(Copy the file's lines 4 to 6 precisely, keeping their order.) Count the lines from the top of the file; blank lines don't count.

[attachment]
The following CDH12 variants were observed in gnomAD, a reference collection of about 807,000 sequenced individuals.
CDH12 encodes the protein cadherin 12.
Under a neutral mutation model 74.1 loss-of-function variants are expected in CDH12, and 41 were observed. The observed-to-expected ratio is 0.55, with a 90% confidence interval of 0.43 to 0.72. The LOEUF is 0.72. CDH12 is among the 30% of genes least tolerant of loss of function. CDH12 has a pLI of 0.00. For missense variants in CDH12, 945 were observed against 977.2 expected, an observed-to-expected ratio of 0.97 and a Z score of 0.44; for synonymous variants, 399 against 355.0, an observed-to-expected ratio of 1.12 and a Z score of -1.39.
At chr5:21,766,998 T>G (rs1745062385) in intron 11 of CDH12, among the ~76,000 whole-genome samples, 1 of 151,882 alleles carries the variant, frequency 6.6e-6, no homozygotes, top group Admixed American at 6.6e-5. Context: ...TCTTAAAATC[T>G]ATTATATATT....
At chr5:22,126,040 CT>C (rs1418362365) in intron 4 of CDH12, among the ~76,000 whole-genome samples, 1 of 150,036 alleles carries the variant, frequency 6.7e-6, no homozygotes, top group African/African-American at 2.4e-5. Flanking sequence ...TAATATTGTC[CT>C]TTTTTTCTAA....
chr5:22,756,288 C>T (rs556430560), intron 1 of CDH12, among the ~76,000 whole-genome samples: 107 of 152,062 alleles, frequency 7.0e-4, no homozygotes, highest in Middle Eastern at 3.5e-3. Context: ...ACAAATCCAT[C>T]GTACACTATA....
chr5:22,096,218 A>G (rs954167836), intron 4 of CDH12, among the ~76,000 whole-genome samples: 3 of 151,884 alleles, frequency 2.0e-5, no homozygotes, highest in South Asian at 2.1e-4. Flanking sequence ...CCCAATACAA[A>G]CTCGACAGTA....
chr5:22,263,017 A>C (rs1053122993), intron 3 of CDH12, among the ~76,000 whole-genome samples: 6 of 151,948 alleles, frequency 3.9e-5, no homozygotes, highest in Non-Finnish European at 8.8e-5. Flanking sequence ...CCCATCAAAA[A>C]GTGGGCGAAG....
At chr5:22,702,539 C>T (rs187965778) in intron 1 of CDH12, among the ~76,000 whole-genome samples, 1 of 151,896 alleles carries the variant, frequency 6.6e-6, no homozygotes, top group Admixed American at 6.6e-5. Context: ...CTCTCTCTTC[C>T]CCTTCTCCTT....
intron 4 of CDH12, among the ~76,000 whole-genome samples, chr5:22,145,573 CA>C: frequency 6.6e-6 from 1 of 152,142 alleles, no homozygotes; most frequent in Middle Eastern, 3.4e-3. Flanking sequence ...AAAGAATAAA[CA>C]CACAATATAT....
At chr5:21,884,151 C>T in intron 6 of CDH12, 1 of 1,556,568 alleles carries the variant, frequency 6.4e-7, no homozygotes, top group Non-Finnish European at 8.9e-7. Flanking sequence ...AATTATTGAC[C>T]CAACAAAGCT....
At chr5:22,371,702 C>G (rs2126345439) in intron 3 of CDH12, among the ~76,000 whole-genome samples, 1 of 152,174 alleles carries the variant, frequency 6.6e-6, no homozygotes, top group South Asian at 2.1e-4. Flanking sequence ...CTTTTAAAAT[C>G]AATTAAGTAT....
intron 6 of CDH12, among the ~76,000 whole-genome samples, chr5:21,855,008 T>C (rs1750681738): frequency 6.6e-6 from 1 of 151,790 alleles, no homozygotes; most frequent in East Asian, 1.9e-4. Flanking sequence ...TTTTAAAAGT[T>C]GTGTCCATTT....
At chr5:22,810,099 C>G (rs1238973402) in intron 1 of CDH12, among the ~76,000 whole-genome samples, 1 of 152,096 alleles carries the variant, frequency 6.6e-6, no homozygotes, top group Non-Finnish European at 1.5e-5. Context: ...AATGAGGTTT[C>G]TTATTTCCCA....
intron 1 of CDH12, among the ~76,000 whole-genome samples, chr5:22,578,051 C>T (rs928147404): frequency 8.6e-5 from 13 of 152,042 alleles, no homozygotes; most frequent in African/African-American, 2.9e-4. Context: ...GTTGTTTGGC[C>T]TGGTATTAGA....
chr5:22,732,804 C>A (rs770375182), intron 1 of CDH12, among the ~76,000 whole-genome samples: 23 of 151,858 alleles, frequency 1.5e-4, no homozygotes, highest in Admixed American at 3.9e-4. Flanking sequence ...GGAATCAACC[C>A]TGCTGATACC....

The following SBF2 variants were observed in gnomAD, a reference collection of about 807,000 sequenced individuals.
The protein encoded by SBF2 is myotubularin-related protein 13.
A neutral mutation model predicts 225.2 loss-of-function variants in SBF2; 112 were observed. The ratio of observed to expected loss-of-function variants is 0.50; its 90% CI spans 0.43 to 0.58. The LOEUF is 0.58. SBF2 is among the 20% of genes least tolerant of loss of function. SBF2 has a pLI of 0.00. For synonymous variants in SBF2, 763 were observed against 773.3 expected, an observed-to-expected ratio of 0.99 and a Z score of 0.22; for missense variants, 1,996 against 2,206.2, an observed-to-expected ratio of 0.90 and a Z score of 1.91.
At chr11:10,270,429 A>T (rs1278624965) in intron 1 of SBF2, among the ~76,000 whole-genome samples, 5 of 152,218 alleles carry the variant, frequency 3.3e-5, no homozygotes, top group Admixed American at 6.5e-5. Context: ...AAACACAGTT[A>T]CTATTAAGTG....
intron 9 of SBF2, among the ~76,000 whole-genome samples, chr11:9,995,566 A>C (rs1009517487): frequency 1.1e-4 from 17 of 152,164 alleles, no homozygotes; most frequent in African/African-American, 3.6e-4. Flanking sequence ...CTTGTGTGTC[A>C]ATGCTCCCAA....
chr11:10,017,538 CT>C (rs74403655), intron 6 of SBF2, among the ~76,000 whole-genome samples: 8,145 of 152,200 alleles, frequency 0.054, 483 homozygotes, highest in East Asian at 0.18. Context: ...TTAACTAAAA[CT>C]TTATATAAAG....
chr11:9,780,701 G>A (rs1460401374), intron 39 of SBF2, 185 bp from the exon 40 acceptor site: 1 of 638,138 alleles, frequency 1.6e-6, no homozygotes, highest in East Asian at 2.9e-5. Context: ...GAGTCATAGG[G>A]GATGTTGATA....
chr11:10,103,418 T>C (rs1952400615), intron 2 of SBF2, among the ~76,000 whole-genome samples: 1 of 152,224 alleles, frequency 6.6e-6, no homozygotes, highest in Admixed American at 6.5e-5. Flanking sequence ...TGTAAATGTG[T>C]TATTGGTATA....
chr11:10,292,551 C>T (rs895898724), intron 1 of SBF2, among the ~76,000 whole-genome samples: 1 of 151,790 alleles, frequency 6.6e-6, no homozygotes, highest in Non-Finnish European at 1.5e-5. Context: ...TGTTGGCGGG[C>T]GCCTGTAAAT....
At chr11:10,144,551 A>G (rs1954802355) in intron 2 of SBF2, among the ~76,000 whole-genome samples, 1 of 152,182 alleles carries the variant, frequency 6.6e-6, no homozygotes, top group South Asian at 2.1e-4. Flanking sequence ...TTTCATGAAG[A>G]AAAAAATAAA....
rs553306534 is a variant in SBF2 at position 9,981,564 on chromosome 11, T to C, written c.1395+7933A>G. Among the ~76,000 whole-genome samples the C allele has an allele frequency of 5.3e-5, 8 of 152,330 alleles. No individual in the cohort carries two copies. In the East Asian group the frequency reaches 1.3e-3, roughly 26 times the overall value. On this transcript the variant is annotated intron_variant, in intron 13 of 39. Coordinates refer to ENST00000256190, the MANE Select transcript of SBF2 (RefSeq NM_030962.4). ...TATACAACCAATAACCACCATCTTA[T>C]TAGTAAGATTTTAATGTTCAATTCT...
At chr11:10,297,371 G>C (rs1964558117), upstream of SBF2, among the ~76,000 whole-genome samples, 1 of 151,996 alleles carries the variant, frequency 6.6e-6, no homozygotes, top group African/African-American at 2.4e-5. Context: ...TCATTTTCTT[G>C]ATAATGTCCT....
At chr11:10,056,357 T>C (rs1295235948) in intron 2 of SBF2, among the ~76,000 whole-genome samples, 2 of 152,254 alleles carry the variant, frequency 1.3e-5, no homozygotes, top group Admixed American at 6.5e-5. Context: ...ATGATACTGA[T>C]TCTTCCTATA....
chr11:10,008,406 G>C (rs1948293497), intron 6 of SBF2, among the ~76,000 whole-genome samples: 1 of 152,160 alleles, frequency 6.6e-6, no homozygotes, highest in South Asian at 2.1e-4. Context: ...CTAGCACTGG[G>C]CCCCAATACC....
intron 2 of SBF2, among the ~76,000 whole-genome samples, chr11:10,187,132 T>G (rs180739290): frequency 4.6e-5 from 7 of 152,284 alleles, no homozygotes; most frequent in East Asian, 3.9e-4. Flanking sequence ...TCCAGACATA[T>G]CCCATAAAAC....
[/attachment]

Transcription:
At chr5:21,766,998 T>G (rs1745062385) in intron 11 of CDH12, among the ~76,000 whole-genome samples, 1 of 151,882 alleles carries the variant, frequency 6.6e-6, no homozygotes, top group Admixed American at 6.6e-5. Context: ...TCTTAAAATC[T>G]ATTATATATT....
At chr5:22,126,040 CT>C (rs1418362365) in intron 4 of CDH12, among the ~76,000 whole-genome samples, 1 of 150,036 alleles carries the variant, frequency 6.7e-6, no homozygotes, top group African/African-American at 2.4e-5. Flanking sequence ...TAATATTGTC[CT>C]TTTTTTCTAA....
chr5:22,756,288 C>T (rs556430560), intron 1 of CDH12, among the ~76,000 whole-genome samples: 107 of 152,062 alleles, frequency 7.0e-4, no homozygotes, highest in Middle Eastern at 3.5e-3. Context: ...ACAAATCCAT[C>T]GTACACTATA....